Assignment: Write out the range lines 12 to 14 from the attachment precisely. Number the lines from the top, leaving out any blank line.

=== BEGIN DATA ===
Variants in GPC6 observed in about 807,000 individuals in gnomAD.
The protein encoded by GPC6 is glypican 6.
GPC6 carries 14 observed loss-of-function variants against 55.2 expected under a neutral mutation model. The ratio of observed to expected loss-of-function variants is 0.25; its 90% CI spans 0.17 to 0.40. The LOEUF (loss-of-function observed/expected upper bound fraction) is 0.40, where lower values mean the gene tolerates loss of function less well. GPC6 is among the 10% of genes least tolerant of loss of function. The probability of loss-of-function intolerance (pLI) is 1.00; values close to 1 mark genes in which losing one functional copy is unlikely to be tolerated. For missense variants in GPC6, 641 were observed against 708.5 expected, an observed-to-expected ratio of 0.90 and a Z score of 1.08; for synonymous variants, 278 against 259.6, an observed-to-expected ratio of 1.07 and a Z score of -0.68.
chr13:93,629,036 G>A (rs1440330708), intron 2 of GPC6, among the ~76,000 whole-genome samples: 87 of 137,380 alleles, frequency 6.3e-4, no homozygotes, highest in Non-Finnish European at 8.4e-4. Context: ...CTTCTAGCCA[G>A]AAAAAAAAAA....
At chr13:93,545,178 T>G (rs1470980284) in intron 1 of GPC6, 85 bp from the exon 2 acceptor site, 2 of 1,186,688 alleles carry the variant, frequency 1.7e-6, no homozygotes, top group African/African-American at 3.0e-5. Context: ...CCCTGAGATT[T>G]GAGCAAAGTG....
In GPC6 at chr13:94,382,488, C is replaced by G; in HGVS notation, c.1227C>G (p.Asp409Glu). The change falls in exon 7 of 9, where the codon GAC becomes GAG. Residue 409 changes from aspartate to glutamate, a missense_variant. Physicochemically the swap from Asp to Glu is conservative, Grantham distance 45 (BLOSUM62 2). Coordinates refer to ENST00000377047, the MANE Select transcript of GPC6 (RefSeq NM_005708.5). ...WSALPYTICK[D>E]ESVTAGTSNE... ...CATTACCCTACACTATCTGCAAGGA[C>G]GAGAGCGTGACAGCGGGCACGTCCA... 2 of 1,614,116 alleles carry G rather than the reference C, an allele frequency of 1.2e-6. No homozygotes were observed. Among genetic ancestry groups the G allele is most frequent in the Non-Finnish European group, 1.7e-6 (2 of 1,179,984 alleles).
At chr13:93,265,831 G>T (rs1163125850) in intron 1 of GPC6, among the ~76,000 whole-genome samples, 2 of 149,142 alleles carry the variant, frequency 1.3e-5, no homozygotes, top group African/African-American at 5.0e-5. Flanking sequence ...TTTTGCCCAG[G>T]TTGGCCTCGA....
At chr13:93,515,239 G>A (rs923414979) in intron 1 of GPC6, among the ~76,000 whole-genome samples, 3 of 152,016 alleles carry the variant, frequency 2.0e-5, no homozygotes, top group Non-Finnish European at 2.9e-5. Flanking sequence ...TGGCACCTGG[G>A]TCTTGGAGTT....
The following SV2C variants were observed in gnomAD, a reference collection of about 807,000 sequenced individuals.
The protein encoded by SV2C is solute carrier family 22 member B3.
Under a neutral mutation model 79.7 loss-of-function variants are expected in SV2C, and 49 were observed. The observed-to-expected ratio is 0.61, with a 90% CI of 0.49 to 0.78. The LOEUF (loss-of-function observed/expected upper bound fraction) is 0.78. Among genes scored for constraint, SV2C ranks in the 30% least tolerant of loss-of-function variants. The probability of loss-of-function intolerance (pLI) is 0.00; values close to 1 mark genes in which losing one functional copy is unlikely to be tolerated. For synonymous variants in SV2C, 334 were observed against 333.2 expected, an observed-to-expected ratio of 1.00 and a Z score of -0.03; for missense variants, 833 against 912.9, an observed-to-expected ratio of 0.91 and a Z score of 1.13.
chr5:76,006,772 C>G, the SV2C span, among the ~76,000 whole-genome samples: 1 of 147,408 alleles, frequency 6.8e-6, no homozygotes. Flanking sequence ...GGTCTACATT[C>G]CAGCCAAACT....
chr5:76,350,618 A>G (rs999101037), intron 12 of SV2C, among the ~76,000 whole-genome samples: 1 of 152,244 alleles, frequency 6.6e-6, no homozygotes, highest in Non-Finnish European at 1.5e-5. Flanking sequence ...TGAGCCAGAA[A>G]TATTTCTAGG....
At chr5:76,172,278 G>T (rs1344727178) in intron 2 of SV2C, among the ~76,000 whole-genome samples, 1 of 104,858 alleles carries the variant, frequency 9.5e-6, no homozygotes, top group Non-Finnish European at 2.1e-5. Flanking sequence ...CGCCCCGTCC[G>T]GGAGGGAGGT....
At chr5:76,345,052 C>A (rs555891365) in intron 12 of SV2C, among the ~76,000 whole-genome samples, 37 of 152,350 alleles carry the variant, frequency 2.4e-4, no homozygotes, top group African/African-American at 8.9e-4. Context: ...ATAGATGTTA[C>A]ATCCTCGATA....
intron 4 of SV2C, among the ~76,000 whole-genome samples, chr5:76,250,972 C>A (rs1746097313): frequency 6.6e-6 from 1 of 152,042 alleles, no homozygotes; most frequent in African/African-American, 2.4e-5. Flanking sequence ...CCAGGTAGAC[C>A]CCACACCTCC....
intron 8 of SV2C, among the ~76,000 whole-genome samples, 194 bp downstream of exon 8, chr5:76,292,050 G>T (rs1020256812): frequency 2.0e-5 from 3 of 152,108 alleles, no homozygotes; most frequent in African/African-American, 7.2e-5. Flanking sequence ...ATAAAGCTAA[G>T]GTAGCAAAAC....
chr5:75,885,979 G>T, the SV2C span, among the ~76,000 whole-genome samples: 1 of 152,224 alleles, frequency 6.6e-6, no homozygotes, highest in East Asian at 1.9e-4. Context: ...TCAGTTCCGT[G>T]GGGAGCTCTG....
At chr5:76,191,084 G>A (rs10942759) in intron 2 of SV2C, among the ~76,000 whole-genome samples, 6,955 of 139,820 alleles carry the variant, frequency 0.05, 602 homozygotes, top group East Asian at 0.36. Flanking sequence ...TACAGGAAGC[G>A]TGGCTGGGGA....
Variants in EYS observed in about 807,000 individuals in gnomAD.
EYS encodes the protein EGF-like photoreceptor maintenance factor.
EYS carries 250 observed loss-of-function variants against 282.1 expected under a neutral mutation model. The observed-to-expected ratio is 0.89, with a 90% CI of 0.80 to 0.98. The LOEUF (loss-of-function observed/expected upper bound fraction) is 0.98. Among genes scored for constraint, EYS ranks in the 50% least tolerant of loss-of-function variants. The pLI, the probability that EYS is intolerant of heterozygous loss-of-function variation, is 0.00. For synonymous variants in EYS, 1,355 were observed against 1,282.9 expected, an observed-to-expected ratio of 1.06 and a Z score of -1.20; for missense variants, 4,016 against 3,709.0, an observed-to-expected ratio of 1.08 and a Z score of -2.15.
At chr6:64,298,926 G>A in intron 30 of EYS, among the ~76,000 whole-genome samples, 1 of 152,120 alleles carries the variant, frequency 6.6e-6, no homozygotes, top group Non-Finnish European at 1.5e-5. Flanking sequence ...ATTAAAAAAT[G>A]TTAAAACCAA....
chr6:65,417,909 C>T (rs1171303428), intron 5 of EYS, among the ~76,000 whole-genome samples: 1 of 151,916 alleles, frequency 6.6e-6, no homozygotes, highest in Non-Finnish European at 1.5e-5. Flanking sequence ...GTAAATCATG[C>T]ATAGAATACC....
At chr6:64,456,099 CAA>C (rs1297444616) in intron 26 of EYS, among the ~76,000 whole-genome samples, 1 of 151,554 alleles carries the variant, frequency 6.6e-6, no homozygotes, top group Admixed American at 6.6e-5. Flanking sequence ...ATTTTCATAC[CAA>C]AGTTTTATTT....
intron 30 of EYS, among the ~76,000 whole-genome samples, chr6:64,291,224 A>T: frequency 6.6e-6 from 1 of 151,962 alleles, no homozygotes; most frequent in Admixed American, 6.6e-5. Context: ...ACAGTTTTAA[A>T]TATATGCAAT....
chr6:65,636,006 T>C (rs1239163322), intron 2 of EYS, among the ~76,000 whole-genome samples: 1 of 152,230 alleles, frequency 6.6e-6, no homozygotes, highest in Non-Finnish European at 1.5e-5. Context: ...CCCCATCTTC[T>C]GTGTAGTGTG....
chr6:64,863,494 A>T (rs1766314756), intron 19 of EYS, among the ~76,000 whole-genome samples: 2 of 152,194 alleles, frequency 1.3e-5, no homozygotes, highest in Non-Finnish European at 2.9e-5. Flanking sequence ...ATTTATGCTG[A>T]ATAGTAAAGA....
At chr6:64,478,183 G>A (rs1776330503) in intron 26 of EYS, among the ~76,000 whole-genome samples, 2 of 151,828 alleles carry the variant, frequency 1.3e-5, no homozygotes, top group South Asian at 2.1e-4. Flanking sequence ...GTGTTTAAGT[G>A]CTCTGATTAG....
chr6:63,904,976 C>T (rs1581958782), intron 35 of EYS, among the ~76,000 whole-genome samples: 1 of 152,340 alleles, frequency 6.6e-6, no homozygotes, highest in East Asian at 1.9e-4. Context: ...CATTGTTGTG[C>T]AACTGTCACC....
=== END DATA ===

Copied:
chr5:76,006,772 C>G, the SV2C span, among the ~76,000 whole-genome samples: 1 of 147,408 alleles, frequency 6.8e-6, no homozygotes. Flanking sequence ...GGTCTACATT[C>G]CAGCCAAACT....
chr5:76,350,618 A>G (rs999101037), intron 12 of SV2C, among the ~76,000 whole-genome samples: 1 of 152,244 alleles, frequency 6.6e-6, no homozygotes, highest in Non-Finnish European at 1.5e-5. Flanking sequence ...TGAGCCAGAA[A>G]TATTTCTAGG....
At chr5:76,172,278 G>T (rs1344727178) in intron 2 of SV2C, among the ~76,000 whole-genome samples, 1 of 104,858 alleles carries the variant, frequency 9.5e-6, no homozygotes, top group Non-Finnish European at 2.1e-5. Flanking sequence ...CGCCCCGTCC[G>T]GGAGGGAGGT....